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  • Gui

    I’d actually give this episode more credit than you’re giving it, even though I definitely agree that the way Negan’s being handled is hurting quality, and how poisonous Kirkman’s hold on him is. But I’ll get to that later. For now, I wanna get to the positives I saw in this.

    One of the important things is that rather than being shown how powerful Negan is, was showing us how powerful Negan THINKS he is. He’s so in love with his power that he’s unaware how many people under him, even some of the ones who “live like kings” as he said, aren’t pleased. He seems to think that simply owning stuff is more than enough, and he seems to look at other connections as no more than something to exploit, and probably a liability. That became even clearer this episode. He uses that love people have for each other for control when threatening directly doesn’t work. Of course, it doesn’t seem to be the case for all his soldiers, many seem to just enjoy the benefits they get and just enjoy what they do, but there’s still enough to ruin Negan if they banded together. Once communities start uprising and they see a shot at succeeding, there’s a good chance they’ll join in.

    The other thing is Daryl. I was actually rather pleased with him and his development when putting it in comparison to Season 4. Looking back to Joe’s group, Daryl was willing to join them, he let that negative influence in since he was alone. Despite all the good Beth did for him, he was willing to jump right back into that to not be alone.

    Now this episode. He’s completely alone in hostile territory, he’s being humilliated and dehumanized so he’ll be easier to break. And he got close. But here I am again, quoting DynamicSymmetry like I have since 6×16:

    “Tonight’s episode was in significant part about what you do and don’t do for the people you love, what choices you’ll make for their sake and who you’ll become as a result of that. We know what Dwight did and why, what happened to him as a result of his cowardice, how he failed the person he loved because he was thinking about them – but not in the way he should have been.

    I really think the photo of Glenn’s body was so key. Because everything changed after that – because of the reminder it was for Daryl. These are the people he loves, the people who have taught him everything, who made him feel for the first time in his life like he was worth something. Like he was a good person. Beth, Rick, Carol, Maggie, Hershel, Aaron, Denise, all of TF… And in some ways, most
    of all Glenn. Glenn was really the first. Glenn was the door inching open and a hand inviting him to walk through, and a voice calling him family.

    And sure, yeah, as far as he’s concerned he got Glenn killed. He got Denise
    killed. He got Beth killed. He fucks everything up. He’s poison. And sure, yeah, maybe he’s worthless. But none of those people thought he was.

    Glenn didn’t think he was.”

    I really think that, after about season and a half of having Daryl being pretty much aimless, we’re starting to see a proper character arc for him. 4B and 5A tried giving his character more depth and then it kinda came to a halt, maybe we’ll finally pick up from there.

    And now, onto Negan. The big negative of the episode. Y’know, I’m starting to figure out the main problem here. Remember how the Governor was a noticeably improvement over the comics, and how at the end of Season 3 Glen Mazzara got fired over creative control problems? A lot definitely had to do with how it was straying with the comics, and I think the change of the Governor was a big part of it (Andrea’s death being the other big part).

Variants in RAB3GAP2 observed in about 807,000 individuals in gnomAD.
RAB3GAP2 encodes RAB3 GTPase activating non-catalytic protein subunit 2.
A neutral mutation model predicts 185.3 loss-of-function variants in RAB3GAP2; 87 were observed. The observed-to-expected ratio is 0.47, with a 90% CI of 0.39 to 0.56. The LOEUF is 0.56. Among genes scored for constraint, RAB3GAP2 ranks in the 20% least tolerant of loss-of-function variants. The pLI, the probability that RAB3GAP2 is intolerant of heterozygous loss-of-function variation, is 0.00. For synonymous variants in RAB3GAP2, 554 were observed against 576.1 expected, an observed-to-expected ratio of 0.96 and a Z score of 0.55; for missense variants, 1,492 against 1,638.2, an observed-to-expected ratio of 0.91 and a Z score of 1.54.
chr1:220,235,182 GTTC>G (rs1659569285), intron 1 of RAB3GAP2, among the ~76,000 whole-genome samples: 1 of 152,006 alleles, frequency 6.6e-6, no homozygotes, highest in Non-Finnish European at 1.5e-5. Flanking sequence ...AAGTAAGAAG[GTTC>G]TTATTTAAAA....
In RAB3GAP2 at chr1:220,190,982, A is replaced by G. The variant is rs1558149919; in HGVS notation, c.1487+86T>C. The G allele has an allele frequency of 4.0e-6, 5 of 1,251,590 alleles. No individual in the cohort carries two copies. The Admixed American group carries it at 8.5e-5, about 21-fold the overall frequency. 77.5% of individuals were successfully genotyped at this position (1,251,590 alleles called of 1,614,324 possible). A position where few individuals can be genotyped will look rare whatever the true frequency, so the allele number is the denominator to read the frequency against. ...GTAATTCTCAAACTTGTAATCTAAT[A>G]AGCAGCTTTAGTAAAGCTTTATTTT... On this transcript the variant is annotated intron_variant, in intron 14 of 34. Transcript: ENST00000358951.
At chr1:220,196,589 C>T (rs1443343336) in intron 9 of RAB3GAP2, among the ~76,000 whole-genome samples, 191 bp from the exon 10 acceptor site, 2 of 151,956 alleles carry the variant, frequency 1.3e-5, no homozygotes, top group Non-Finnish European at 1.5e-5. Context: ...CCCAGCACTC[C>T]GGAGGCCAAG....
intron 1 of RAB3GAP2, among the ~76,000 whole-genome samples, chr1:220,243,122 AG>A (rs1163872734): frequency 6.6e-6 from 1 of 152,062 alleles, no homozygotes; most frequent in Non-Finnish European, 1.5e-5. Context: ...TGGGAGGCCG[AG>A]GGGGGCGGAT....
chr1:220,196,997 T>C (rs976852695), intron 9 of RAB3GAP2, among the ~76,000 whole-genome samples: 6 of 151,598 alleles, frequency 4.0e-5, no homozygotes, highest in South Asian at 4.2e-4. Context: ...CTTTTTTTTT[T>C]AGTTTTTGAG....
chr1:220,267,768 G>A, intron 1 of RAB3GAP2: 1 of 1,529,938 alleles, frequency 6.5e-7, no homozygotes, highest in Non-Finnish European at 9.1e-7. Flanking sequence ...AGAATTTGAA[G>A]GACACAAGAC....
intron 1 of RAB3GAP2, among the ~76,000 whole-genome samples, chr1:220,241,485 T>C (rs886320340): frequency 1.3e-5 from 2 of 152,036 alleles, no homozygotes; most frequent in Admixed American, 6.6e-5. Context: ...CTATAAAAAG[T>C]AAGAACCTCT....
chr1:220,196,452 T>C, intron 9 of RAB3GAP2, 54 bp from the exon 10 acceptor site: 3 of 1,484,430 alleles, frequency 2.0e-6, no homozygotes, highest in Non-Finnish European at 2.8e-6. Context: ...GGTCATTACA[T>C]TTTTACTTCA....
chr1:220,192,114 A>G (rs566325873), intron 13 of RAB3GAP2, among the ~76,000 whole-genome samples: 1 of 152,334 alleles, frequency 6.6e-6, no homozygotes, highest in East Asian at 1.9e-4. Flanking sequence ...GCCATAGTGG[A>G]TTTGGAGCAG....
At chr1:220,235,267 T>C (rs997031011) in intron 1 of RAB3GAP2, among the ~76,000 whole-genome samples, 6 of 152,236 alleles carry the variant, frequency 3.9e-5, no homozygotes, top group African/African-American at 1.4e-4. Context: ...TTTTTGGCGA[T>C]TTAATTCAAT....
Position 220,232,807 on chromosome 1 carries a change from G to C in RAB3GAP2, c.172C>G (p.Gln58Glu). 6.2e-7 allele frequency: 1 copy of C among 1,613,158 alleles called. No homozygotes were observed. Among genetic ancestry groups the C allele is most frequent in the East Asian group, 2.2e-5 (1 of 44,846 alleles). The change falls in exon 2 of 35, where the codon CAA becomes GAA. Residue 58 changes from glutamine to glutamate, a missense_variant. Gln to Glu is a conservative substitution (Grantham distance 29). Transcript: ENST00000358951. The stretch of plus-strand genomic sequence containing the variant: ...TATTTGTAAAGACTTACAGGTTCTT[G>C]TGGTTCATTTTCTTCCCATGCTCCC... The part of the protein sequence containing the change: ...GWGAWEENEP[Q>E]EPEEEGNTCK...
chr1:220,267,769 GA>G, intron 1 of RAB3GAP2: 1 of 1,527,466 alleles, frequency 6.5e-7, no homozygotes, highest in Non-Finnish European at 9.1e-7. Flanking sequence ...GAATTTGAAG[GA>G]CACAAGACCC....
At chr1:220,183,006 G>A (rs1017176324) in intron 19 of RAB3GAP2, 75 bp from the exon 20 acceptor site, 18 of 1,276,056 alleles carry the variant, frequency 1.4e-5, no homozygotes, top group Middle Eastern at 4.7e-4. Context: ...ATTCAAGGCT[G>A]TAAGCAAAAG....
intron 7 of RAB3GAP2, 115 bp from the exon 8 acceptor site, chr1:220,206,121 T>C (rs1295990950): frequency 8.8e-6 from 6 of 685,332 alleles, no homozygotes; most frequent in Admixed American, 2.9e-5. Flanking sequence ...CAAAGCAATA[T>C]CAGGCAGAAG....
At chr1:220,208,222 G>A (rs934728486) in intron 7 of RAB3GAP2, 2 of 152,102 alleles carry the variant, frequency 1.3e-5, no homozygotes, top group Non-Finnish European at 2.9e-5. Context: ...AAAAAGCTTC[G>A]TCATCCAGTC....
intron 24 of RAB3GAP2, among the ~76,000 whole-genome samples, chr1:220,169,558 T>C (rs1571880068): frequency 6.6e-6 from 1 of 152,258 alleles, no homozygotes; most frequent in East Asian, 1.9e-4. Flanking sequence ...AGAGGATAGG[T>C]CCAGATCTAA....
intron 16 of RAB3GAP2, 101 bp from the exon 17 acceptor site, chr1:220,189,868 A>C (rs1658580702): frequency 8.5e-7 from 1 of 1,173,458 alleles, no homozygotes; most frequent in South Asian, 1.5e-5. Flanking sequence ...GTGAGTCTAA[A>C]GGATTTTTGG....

I have the feeling Kirkman’s not letting go of Negan here and he wants him as close to the comics as he possibly can, so even when we get to the more interesting moments of Negan’s character (which I suspect will start coming around the midseason finale) we’ll probably still have that oh so lovely Kirman dialogue (I’ll need patience to deal with that). There’s a few small changes here and there, though, like actually making “we’re all Negan” being something that Kirkman seemed to forget about entirely or just ignored, but now it means something. I’m not sure how much of a call Gimple will have when it comes to Negan, but hopefully we get something. Gimple can improve on villains written by Kirkman, he’s done it before, now it’s just if Kirkman’s willing to let go.

    Ok, this went out for very long, so I’ll cut it here. Sorry for going on for this long, got a bit carried away! Looking forward to next episode, hopefully they handle the aftermath well.

    • Michael St. Charles

      Haha, I appreciate the long posts, so thanks for taking the time to write them. If my responses are a little short, it’s just because I’m writing them at work.

      I appreciate you writing quite a bit about Daryl, as I put him on the back burner while I was writing the review. I can definitely see where they’re going with him, trying to show how and why he refuses to be broken. While Dwight allows himself to be broken because he’s trying to keep people safe, Daryl refuses to do so for the memory of those that he’s lost, specifically Glenn. Negan thought the photo was going to expedite the process of breaking him, when it in fact did the opposite, and instead reminded him of what it was he cared about, and what it was he needs to atone for. I see his suffering as a sort of atonement for him, for his impulsive nature, and I think that following that character thread is a great way to develop him this season. I actually liked that quite a bit.

      But yeah, I honestly don’t know what to make of Negan’s characterization. I want to chalk it up to Kirkman’s influence, BUT it was Gimple that wrote the season premiere, which is so bizarre. Then again, I don’t know what kind of control Kirkman had over the script even though Gimple had the writing credit, but I am curious to see where this internal struggle among the staff pushes Negan. Because I get the feeling I’m going to lose my patience with the season of Negan is so front and center but written so poorly.

      Again, thanks for the response. I always enjoy discussing the episodes!